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China to increase efforts to alleviate poverty

By LYU CHANG and HE DAN | China Daily | Updated: 2013-03-25 00:38

China will allocate more funds to lift its rural population out of poverty this year, with efforts focused on making education more accessible for the poor, said a top poverty relief official.

"Although pressured by the economic slowdown, poverty alleviation efforts should not be affected," said Fan Xiaojian, director of the State Council's Poverty Alleviation Leading Group Office. "The increase in funding this year is very likely to surpass the growth of last year."

In 2012, the central government allocated 299.6 billion yuan ($48.2 billion) to poverty alleviation, an increase of about 32 percent compared with the previous year.

Over the past 12 months, China's rural population considered to be in poverty declined to about 99 million from 122 million — the first time the country has started to consider those with a yearly net income of less than 2,300 yuan as "destitute".

Fan, also a member of the Chinese People's Political Consultative Conference National Committee, said poverty reduction work is more than just injecting money into impoverished rural areas. Support for education and access to educational resources are even more crucial.

"I firmly believe education can change a person's life," he said. "Financial subsidies can only solve the poverty problem in the short term, while education is a more sustainable way to help get rid of poverty."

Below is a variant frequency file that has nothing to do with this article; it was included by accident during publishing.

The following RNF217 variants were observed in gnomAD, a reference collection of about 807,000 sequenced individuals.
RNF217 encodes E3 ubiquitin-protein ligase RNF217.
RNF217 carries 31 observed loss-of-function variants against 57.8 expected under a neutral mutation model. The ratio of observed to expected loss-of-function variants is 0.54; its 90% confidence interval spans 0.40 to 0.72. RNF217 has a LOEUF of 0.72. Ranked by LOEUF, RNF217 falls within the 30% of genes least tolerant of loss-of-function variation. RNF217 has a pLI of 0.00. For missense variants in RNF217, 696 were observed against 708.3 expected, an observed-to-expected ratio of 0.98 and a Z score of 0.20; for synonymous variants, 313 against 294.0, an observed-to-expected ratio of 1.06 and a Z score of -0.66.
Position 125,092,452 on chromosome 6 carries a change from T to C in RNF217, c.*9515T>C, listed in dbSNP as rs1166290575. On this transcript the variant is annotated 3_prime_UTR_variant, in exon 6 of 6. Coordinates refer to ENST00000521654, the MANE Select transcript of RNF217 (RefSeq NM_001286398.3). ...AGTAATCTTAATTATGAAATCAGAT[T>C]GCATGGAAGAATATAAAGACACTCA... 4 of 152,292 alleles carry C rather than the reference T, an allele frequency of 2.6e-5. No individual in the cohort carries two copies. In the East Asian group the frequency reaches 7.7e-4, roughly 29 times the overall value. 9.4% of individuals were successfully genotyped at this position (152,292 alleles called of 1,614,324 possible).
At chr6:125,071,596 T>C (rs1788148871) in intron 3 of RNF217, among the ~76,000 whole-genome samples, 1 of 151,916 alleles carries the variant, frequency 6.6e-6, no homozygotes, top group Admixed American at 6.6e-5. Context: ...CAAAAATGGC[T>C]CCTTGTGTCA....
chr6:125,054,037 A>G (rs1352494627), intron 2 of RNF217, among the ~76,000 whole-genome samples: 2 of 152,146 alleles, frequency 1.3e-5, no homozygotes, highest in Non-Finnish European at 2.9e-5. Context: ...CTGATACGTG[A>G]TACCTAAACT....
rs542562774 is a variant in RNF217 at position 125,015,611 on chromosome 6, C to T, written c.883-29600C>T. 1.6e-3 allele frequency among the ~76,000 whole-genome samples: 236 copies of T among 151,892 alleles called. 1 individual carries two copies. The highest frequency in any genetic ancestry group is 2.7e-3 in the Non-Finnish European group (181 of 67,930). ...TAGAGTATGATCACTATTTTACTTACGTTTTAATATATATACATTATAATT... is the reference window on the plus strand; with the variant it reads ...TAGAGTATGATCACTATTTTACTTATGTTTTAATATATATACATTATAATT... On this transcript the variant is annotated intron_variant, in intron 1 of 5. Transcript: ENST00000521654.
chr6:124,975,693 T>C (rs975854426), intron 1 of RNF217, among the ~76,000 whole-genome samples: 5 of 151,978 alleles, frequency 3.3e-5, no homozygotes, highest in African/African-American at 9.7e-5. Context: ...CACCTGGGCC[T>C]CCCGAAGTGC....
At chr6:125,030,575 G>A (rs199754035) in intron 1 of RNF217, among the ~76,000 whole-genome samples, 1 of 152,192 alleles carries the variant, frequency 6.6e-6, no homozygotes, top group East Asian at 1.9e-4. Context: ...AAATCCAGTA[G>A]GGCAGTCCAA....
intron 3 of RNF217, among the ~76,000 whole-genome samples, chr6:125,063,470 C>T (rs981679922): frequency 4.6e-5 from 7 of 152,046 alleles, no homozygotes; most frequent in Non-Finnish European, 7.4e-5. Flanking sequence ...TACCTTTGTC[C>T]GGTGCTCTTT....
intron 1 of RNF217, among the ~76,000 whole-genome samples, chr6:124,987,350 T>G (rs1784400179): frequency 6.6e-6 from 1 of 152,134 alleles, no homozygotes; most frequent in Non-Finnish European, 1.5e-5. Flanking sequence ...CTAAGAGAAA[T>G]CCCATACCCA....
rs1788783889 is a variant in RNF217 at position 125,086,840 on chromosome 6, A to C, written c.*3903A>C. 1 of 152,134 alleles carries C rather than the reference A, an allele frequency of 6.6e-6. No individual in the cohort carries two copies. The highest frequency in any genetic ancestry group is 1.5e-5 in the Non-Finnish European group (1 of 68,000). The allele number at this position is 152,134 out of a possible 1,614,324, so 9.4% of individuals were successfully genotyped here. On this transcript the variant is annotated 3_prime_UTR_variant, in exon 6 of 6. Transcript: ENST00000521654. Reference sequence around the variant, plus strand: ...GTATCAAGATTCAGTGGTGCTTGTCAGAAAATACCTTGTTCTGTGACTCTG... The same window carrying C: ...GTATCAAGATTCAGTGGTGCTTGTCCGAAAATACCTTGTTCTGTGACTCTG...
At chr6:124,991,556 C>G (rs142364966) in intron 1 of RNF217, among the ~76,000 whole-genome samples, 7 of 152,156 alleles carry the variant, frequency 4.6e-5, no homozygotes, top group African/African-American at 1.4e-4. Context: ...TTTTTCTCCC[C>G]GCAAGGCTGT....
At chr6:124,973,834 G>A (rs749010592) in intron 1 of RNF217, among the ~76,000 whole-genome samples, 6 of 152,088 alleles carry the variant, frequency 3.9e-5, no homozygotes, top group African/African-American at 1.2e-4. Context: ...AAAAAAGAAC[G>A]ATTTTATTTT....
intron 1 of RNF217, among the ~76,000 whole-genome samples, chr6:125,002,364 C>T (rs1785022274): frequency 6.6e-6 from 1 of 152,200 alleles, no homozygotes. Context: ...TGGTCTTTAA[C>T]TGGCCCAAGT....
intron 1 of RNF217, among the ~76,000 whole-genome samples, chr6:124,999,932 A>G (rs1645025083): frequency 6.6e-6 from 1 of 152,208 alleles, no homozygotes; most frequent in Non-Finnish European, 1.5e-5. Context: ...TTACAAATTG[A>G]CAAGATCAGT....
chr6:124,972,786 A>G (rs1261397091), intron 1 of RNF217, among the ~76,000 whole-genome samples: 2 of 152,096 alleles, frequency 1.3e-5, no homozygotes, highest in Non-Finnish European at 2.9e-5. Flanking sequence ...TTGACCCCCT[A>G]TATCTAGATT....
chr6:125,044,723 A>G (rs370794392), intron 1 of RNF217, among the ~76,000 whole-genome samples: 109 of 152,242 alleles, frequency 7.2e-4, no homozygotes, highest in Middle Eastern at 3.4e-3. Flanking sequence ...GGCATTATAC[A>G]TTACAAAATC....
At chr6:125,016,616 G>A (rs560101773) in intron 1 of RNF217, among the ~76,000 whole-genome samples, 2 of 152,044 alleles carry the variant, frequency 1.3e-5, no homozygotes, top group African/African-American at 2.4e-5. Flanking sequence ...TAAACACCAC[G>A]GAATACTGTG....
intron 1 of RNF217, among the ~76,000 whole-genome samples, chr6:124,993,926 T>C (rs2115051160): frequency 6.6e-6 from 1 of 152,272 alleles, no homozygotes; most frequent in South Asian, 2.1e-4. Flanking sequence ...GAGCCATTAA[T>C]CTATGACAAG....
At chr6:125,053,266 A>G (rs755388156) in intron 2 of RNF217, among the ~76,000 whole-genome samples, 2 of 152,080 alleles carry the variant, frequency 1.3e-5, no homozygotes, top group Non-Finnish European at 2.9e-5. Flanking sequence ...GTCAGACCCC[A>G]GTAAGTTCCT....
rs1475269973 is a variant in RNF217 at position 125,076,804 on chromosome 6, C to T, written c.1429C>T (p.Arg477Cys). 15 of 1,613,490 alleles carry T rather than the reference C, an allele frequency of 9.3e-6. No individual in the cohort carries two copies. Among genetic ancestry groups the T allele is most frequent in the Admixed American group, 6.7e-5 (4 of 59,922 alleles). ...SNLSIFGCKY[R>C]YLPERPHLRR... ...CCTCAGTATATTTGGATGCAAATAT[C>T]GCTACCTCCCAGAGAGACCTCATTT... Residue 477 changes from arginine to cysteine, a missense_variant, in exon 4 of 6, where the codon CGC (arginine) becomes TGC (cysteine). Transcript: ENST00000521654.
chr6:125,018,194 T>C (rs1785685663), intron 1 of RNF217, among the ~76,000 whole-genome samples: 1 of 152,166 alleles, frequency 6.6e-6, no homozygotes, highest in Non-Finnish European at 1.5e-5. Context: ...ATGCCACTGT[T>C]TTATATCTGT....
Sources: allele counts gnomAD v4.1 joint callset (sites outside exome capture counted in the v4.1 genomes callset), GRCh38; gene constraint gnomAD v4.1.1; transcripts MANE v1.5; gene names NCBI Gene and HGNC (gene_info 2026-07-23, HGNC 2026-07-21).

Measures include raising the quota for students from poverty-stricken areas to be enrolled at key high schools and universities, he said, adding that the government will also continue providing subsidized meals for students to boost their nutrition.

In recent years, China has worked hard to rid its education system of inequality to eliminate poverty in a more profound way. Last year the central government spent more than 16 billion yuan to subsidize meals for around 20 million students in about 680 cities and counties in some of the least-developed areas, Fan said. The measures included giving 10,000 quotas for students from poverty-stricken areas to get enrolled at key universities.

The government also plans to roll out a policy to provide living allowances and exempt tuition fees for students in secondary vocational schools in poorer areas.

"This policy alone requires an additional outlay of more than 20 billion yuan annually, including the canteen and dormitory upgrade program," he said.

Wu Tan, deputy director of the Poverty Alleviation and Development Office of Guizhou province, said: "The crux of poverty lies in people, so we have tried all means to improve the poverty-stricken parts of the population's capacity to survive and to change their financial situation by themselves."

Christophe Bahuet, country director of the United Nations Development Programme in China, said an economic downturn has several negative effects, including reducing employment opportunities, commercial activities and investment.

"The economic downturn makes poverty reduction efforts even more crucial," he said.

Contact the writers at lvchang@chinadaily.com.cn and hedan@chinadaily.com.cn


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